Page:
Dr Zaki Badawi, head of the Muslim College, said he was denied entry when he arrived in New York on Wednesday. No explanation was given, he said.
He had been invited to speak at the Chautauqua Institution in Chautauqua, New York, where he planned to give a talk under the title The Law and Religion in Society.
A spokeswoman for the Customs and Border Protection office in New York said when Badawi’s flight from London to John F Kennedy International Airport landed on Wednesday, customs agents had information that showed he was “inadmissible”.
Badawi then voluntarily withdrew his application for entry into the country, said the spokeswoman, Janet Rapaport. She said privacy rules prevented her from disclosing the specific information that was used to bar Badawi and said she did not know what database the information came from.
She also said she did not know if last week’s bombings in London had anything to do with barring Badawi.
“The people I was speaking to were very junior people, and they are just executing things they were told”
Dr Zaki Badawi
A federal security official said Badawi was named on a US terror watch list, but provided no further detail. The official spoke on condition of anonymity.
The US Embassy in London did not immediately respond to a request for comment.
No explanation was given for his exclusion, Badawi said in a telephone interview. “The people I was speaking to were very junior people, and they are just executing things they were told,” Badawi said.
“They were very very embarrassed, and I felt sorry for them.”
Badawi said he had visited the US many times before, the last time in 2003.
On Sunday, Badawi joined other British religious leaders in condemning the bus and subway bombings.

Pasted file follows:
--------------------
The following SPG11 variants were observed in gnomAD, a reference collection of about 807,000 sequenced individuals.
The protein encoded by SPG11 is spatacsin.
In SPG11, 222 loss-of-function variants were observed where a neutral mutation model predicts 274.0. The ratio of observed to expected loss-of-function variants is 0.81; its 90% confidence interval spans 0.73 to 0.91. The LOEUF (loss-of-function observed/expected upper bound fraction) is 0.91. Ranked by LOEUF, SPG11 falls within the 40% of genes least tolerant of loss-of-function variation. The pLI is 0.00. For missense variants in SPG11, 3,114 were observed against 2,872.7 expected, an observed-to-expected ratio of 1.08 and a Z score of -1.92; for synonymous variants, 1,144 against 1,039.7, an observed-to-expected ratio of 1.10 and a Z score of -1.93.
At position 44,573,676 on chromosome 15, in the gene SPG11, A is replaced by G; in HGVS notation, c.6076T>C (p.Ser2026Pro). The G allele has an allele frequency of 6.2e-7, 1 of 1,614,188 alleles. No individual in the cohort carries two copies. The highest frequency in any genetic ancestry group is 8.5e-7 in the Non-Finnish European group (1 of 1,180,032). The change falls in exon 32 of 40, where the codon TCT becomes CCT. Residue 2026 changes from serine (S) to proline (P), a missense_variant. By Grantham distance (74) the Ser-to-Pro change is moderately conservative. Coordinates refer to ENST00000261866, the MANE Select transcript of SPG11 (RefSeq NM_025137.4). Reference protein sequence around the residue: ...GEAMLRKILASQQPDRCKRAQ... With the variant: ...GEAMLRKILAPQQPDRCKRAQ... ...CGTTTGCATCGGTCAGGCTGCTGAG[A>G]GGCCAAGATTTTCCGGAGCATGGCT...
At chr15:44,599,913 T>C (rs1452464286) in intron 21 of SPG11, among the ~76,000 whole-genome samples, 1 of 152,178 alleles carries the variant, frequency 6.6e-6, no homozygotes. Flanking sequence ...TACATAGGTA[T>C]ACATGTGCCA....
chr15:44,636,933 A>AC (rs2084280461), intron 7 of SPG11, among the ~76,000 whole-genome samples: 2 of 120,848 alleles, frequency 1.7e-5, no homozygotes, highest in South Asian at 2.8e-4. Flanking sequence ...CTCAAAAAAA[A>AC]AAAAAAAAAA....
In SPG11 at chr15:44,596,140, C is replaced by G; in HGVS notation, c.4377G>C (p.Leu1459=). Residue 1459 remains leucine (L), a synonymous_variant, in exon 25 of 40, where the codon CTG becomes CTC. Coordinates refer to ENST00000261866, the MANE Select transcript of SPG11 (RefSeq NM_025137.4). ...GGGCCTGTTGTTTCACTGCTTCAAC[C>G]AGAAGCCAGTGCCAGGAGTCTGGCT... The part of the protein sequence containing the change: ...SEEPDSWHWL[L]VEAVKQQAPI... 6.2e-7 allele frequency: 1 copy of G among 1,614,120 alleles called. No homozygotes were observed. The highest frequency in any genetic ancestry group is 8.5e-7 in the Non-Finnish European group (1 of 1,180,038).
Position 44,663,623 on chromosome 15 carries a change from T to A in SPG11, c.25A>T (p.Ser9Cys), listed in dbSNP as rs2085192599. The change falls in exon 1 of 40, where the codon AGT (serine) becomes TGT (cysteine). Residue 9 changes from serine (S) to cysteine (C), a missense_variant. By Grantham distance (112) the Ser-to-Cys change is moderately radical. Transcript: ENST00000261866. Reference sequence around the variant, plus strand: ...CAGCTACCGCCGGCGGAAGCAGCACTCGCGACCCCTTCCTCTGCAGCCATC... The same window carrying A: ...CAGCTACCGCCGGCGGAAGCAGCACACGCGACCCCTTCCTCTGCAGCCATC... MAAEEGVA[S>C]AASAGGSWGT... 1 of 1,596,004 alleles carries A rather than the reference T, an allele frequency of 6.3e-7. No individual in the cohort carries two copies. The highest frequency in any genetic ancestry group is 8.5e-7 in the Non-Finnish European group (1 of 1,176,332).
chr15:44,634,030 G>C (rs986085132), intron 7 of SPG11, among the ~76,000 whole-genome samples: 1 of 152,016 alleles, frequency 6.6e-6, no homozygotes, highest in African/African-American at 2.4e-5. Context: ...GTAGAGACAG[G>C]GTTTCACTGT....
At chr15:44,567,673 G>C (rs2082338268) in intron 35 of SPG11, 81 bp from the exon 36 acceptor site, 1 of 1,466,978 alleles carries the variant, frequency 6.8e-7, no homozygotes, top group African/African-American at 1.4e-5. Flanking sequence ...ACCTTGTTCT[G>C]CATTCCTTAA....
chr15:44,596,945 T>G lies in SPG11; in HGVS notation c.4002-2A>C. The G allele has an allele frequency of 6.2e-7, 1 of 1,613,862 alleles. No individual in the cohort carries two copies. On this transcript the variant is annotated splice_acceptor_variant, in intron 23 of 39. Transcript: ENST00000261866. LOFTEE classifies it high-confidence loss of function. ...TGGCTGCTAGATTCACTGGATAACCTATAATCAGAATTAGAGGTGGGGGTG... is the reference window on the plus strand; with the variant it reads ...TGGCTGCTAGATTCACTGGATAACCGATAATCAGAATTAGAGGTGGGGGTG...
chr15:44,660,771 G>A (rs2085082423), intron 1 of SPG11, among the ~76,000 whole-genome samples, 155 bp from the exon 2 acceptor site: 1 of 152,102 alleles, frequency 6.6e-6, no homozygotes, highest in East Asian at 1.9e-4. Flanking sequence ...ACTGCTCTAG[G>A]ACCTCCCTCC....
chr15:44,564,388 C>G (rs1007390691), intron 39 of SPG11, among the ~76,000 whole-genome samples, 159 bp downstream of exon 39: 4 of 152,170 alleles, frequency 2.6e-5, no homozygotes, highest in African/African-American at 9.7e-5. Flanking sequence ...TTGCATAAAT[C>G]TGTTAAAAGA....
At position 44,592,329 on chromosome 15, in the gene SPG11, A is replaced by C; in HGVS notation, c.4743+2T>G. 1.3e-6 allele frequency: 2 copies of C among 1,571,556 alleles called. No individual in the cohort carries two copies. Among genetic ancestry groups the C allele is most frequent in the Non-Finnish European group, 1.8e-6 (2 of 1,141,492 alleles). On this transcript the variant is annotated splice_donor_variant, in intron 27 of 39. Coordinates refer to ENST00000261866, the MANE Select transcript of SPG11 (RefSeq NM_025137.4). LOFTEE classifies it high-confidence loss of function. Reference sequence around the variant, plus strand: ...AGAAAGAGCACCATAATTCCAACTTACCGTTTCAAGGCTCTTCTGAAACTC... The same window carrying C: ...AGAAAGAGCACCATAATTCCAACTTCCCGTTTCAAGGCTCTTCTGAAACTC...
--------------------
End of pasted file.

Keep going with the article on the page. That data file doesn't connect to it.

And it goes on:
He appeared with the Archbishop of Canterbury, Rowan Williams, the Roman Catholic Archbishop of Westminster, Cardinal Cormac Murphy O’Connor, Free Churches Moderator David Coffey and Chief Rabbi Sir Jonathan Sacks.
Azim Nanji, director of the Institute of Ismaili Studies in London and a participant in the Chatauqua conference, said he was “deeply saddened” by the exclusion of a “moderate voice”.
“I felt it was very important that Americans should hear, particularly at this time, a voice from a leading British Muslim who is well respected by the British government, somebody they turn to for advice,” Nanji said.
“Inviting the Dr Badawis of the world into that conversation is crucial,” said Eboo Papel, founder and executive director of the Chicago-based Interfaith Youth Core, who said he had come to hear Badawi.
Last year another UK Muslim,
“It’s clear that a large segment of the Muslim community wants to be in a positive relationship with Western societies,” Papel said.
“When representatives of that segment, people who have been knighted by the queen and are close advisers to the government, are rejected, it hurts our efforts at building multifaith societies and it gives grist to extremist Muslims who say, ‘See, the West is against Islam, period”.
Tom Becker, president of the Chautauqua Institution south of Buffalo in western New York, said he did not know why Badawi was barred. “Whatever it was some kind of misinterpretation of something,” he said.
Badawi was given an honorary knighthood and in 2003 he was among the guests of Queen Elizabeth II at a state banquet for US President George Bush.
Badawi said he was detained for about six hours. “America is a lovely country. There is no reason why it should behave like that,” Badawi said.
In September, Yusuf Islam, formerly known as Cat Stevens, was ejected from the US without explanation. Islam’s flight from London was forced to make an emergency landing in Maine when US authorities discovered he was aboard.